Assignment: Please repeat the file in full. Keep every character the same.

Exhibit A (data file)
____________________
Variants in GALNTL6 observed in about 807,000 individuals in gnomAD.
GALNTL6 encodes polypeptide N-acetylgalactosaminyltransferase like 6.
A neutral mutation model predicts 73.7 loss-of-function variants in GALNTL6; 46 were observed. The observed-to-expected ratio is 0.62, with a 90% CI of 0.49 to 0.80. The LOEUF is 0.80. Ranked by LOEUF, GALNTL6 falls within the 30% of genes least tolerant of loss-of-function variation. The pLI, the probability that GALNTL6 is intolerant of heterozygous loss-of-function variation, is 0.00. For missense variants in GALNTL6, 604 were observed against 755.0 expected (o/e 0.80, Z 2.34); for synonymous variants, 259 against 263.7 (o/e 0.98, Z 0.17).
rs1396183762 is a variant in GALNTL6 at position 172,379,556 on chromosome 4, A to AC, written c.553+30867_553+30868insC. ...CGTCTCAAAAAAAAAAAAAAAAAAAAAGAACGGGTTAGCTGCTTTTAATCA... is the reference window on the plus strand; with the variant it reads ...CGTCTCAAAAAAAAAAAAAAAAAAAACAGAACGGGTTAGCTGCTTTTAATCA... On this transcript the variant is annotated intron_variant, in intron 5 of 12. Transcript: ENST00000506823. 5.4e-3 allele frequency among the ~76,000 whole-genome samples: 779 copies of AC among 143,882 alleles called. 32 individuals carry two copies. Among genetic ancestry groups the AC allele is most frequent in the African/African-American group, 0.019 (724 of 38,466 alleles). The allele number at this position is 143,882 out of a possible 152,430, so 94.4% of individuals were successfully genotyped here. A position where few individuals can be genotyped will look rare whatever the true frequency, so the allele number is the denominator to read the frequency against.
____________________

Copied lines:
Variants in GALNTL6 observed in about 807,000 individuals in gnomAD.
GALNTL6 encodes polypeptide N-acetylgalactosaminyltransferase like 6.
A neutral mutation model predicts 73.7 loss-of-function variants in GALNTL6; 46 were observed. The observed-to-expected ratio is 0.62, with a 90% CI of 0.49 to 0.80. The LOEUF is 0.80. Ranked by LOEUF, GALNTL6 falls within the 30% of genes least tolerant of loss-of-function variation. The pLI, the probability that GALNTL6 is intolerant of heterozygous loss-of-function variation, is 0.00. For missense variants in GALNTL6, 604 were observed against 755.0 expected (o/e 0.80, Z 2.34); for synonymous variants, 259 against 263.7 (o/e 0.98, Z 0.17).
rs1396183762 is a variant in GALNTL6 at position 172,379,556 on chromosome 4, A to AC, written c.553+30867_553+30868insC. ...CGTCTCAAAAAAAAAAAAAAAAAAAAAGAACGGGTTAGCTGCTTTTAATCA... is the reference window on the plus strand; with the variant it reads ...CGTCTCAAAAAAAAAAAAAAAAAAAACAGAACGGGTTAGCTGCTTTTAATCA... On this transcript the variant is annotated intron_variant, in intron 5 of 12. Transcript: ENST00000506823. 5.4e-3 allele frequency among the ~76,000 whole-genome samples: 779 copies of AC among 143,882 alleles called. 32 individuals carry two copies. Among genetic ancestry groups the AC allele is most frequent in the African/African-American group, 0.019 (724 of 38,466 alleles). The allele number at this position is 143,882 out of a possible 152,430, so 94.4% of individuals were successfully genotyped here. A position where few individuals can be genotyped will look rare whatever the true frequency, so the allele number is the denominator to read the frequency against.